A lithium-air battery is a battery that uses metallic lithium as the negative electrode and oxygen in the air as the positive electrode reactant. Discharge process: Lithium in the negative electrode releases electrons to become lithium ions (Li+), Li+ passes through the electrolyte material, combines with oxygen at the positive electrode and electrons flowing from the external circuit to form lithium oxide (Li2O) or lithium peroxide (Li2O2), and stay positive. The open circuit voltage of the Li-air battery is 2.91V, as shown in Figure 1.
Electrode reaction during discharge:
Negative electrode: Li→Li++e–
Metal lithium is dissolved in the organic electrolyte in the form of lithium ions (Li+), and electrons are supplied to the external circuit. Dissolved lithium ions (Li+) move through the solid electrolyte into the aqueous electrolyte of the positive electrode.
Positive electrode: O2+2H2O+4e–→4OH–
By supplying electrons through wires, oxygen in the air and water react on the surface of the micronized carbon to generate hydroxide ions (OH–). It combines with lithium ions (Li+) in the aqueous electrolyte of the positive electrode to form water-soluble lithium hydroxide (LiOH).
Electrode reaction during charging:
Negative electrode: Li++e–→Li
Electrons are supplied through wires, and lithium ions (Li+) are passed from the aqueous electrolyte of the positive electrode through the solid electrolyte to the surface of the negative electrode, and react on the surface of the negative electrode to form metallic lithium.
Positive electrode: 4OH–→O2+2H2O+4e–
The reaction generates oxygen, and the generated electrons are supplied to the external circuit.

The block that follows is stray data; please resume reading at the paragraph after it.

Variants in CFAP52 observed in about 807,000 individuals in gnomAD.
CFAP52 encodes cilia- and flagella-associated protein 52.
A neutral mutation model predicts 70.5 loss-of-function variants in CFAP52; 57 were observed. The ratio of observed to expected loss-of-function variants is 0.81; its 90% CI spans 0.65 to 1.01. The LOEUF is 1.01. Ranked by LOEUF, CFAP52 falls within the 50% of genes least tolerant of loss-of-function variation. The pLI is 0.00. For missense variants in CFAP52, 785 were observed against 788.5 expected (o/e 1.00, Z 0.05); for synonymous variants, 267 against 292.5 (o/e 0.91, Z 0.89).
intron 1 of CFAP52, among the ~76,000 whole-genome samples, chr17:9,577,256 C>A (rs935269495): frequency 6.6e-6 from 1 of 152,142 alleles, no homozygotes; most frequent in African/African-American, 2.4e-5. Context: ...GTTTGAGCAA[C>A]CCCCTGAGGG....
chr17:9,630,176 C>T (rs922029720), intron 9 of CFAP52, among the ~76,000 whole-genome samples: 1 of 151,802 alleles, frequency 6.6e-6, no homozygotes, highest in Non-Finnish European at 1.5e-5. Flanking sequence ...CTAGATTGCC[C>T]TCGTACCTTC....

Li-air batteries have higher energy density than Li-ion batteries because the cathode (mainly porous carbon) is light, and oxygen is obtained from the environment instead of being stored in the battery. Limited, the capacity of this battery depends only on the lithium electrode, and its specific energy is 5.21 kW h/kg (including oxygen mass) or 11.1 kW h/kg (excluding oxygen).
There are many research projects underway for lithium-air batteries, including the Japan Institute of Industrial Technology, IBM’s Almaden Laboratory, and the University of Dayton. On May 3-4, 2010, the Argonne National Laboratory in the United States held a seminar to discuss lithium-air batteries used in the field of transportation. It was believed that lithium-ion batteries were only a transitional technology, but there were still many technical problems to be solved. To achieve the popularization of electric autos, the energy density needs to reach 6 to 7 times that of current lithium-ion batteries. Lithium-air batteries, which theoretically have a much higher energy density than lithium-ion batteries, have attracted much attention.